Not a bad little essay on Mid-21st Century Modern architecture.
"A person who idly surfs the internet." In 2012 the New York Times ran an article on the Death of the Cyberflaneur
a strange creepy nimbus like a follow spot in a club
A nimbus is an aura, or a luminous cloud or a halo surrounding a supernatural being or a saint. A follow spot (or followspot) is a moving spot light that tracks a subject, eg a dancing couple on the dance floor.
The reboot doesn't come out until 2004, so here they are talking about the original show.
requesting her presence on the bridge<br\> Star Trek references start here and continue for another half page or so
posters of Denise Richards and Tia Carrere
Denise Richards for her role in Starship Troopers, no doubt, and Tia Carrere, for Relic Hunter maybe?
YouTube has it. The song was released in 1994.
YouTube has a clip from this famous SNL skit, which was first aired, by the way, April 2000.
Does this count as a sneaky Godzilla allusion since the band parodied in the skit, Blue Oyster Cult, also recorded the song Godzilla?
Not to be confused, surely, with cyberflaneurs or the "little tiny people...from under the radiator..with little brooms, and dustpans" from page 346.
Kabbalistic vessels smashed at the Creation into all these bright drops of light
Recalls Gravity's Rainbow, page 148: "Fallen sparks. Fragments of vessels broken at the Creation."
A reference to the Tree of Life in Hermetic Kabbalah.
From Lon Milo DuQuette's "Understanding Aleister Crowley's Thoth Tarot," page 63:
"The area (or non-area) between the supernal triad (sephiroth 1-2-3) and the rest of the Tree is called the Abyss. It is an inscrutable looking glass that separates the ideal (the abstract concepts of 1-2-3) from the actual (the manifest qualities of the phenomenal universe)."
In other words, it separates the unmanifested from the manifested, or, as Lucas puts it, the codeless from the coded.
the edge of the unnavigable, the region of no information
the beginning before the Word
John 1:1: "In the beginning was the Word, and the Word was with God, and the Word was God."
Yet more intimations of Hitchcock's Vertigo. "Lovesick, nauseous" could be the film's subtitle.
A reference to Munchkins from the Wizard of Oz.
Phatic how's Justin, how's Fiona, all fine thanks
"Phatic" means denoting or relating to language used for general purposes of social interaction, rather than to convey information or ask questions, such as hello, how are you? and nice morning, isn't it?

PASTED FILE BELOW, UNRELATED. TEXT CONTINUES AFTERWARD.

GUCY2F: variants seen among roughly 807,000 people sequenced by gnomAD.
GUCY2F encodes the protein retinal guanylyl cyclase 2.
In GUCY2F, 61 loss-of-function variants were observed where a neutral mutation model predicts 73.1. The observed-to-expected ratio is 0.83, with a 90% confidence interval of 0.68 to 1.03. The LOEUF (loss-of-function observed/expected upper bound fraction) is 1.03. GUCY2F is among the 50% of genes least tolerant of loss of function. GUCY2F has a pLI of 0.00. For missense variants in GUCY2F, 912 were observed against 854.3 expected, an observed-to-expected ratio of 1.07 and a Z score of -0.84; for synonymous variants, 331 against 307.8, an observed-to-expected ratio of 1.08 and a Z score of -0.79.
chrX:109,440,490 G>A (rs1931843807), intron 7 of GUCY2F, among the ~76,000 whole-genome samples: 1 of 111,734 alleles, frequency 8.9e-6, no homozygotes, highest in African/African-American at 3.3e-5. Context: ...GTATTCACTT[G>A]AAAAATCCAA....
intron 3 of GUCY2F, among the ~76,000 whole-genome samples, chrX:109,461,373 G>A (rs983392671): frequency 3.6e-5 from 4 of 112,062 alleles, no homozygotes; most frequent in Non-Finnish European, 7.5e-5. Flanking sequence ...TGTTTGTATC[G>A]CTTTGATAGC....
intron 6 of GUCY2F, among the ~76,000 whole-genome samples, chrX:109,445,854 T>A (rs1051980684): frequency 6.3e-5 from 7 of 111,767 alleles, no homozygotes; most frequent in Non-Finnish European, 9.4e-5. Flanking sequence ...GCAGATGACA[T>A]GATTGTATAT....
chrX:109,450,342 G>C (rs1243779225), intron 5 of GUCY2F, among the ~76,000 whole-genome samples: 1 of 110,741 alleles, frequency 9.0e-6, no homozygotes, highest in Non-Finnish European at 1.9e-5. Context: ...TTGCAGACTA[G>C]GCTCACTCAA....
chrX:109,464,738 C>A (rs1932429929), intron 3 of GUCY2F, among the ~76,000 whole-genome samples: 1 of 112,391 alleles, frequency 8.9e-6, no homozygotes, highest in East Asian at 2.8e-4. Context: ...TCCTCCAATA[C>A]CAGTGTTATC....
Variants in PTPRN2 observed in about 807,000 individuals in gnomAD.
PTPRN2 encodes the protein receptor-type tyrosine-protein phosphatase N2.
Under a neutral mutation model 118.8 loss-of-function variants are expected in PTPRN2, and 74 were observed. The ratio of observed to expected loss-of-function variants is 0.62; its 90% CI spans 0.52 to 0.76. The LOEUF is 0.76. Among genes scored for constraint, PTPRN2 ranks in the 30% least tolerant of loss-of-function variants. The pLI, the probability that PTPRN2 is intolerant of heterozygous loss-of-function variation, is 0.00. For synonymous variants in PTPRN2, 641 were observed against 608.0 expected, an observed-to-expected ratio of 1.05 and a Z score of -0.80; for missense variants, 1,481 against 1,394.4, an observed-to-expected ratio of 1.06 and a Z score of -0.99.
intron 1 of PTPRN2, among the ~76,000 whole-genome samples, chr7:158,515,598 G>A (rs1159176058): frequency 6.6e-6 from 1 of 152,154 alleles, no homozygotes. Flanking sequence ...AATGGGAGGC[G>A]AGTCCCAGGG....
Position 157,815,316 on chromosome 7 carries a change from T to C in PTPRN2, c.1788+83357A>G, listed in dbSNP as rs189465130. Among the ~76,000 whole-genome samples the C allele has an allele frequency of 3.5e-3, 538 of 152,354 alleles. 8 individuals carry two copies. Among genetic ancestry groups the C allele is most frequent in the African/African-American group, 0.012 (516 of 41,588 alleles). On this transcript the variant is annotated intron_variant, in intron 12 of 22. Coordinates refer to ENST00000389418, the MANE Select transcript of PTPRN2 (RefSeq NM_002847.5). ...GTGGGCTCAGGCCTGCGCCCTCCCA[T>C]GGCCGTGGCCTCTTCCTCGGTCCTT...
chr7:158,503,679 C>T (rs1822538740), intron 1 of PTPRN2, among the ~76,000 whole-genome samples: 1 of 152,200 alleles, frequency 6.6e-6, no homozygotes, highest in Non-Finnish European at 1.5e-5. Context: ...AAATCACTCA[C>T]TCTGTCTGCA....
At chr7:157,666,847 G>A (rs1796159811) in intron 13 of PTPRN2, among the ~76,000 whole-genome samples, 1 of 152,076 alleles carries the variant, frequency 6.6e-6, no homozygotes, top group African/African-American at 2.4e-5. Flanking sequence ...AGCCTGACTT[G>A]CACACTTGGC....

Dear Abby, I have this friend with a big problem . . .
Long running advice column started in 1956 by Abigail Van Buren.
An “IRS-issue stogie” would be an American cigar that came in a box with the IRS stamp on it. Since 1862, when Congress passed a broad taxation law that included taxing cigars to help finance the Civil War the IRS has taxed cigars . Since then cigars have come in boxes and those boxes have the IRS stamp (looks sort of like a postage stamp) on them which means they’ve been properly taxed.
Quality cigars, usually from other countries (e.g. Cuba), don’t have the IRS stamp, so the "IRS-issue" not to mention "stogie" (a cheap cigar) would imply a cheap cigar.
King Kongs, which are Crown Royal plus banana liqueur
Little odd, no, for the narrative voice to define something like this? I thought that was our job! Anyway, also known as a "Rock Star," this is a real cocktail.
Fernet-Branca... That crazy motherfucker from Voorhees, Krueger!
Cf. p. 70.
that crazy motherfucker from Voorhees, Krueger
That would be Ian Longspoon. The name is likely a tip o' the hat to Freddy Krueger and Jason Voorhees of two classic slasher/horror films "Nightmare on Elm Street" and "Friday the 13th".
what sort of look like giant letter J's, not to mention L's
"It could stand for anything, couldn't it?" This is reminiscent of readers speculating on what the "V" stands for in Pynchon's first novel V..
Oakley M Frames
Somewhat spacey-looking, apparently famous, athletic sunglasses. Oakley site.
seldom-heard oldie "Soul Gidget"
Fictional song by from Inherent Vice. Nice touch. Page 155.
"One of the few known attempts at black surf music...by Meatball Flag."
Who's that strollin down the street,
Hi-heel flip-flops on her feet,
Always got a great big smile
Never gets popped by Juv-o-nile—
Who is it?
Who never worries about her karma?
Who be that signifyin on your mama?
Out there lookin so bad and big,
Like Sandra Dee in some Afro wig—
Who is it?
Surf's up, Soul Gidget’s there,
Got that patchouli all in her hair,
Down in Hermosa she’s runnin wild,
Back in South Central she just a child—
Uh who is it?
you've got to believe...that was the '69 Mets
The 1969 New York Mets season was the team's eighth as a Major League Baseball franchise and culminated with them winning the World Series over the Baltimore Orioles. They played their home games at Shea Stadium. The team was managed by Gil Hodges. The team is often referred to as the "Amazin' Mets" (a nickname coined by Casey Stengel, who managed the team from their inaugural season to 1965) or the "Miracle Mets.".
HOWEVER, "You gotta believe!!!" was Mets pitcher Tug McGraw's catchphrase during the 1973 season, and that phrase wasn't used during the 1969 season.
ever try anal?...His specialty I bet?
Little nod to Pynchon's niece, Tristan Taormino, sex educator who wrote The Ultimate Guide to Anal Sex for Women?
Note also that this is set up a bit earlier in their conversation (on page 360) with Vyrva saying "a-little-goes-a-long-way, pain-in-the-ass-unbearable".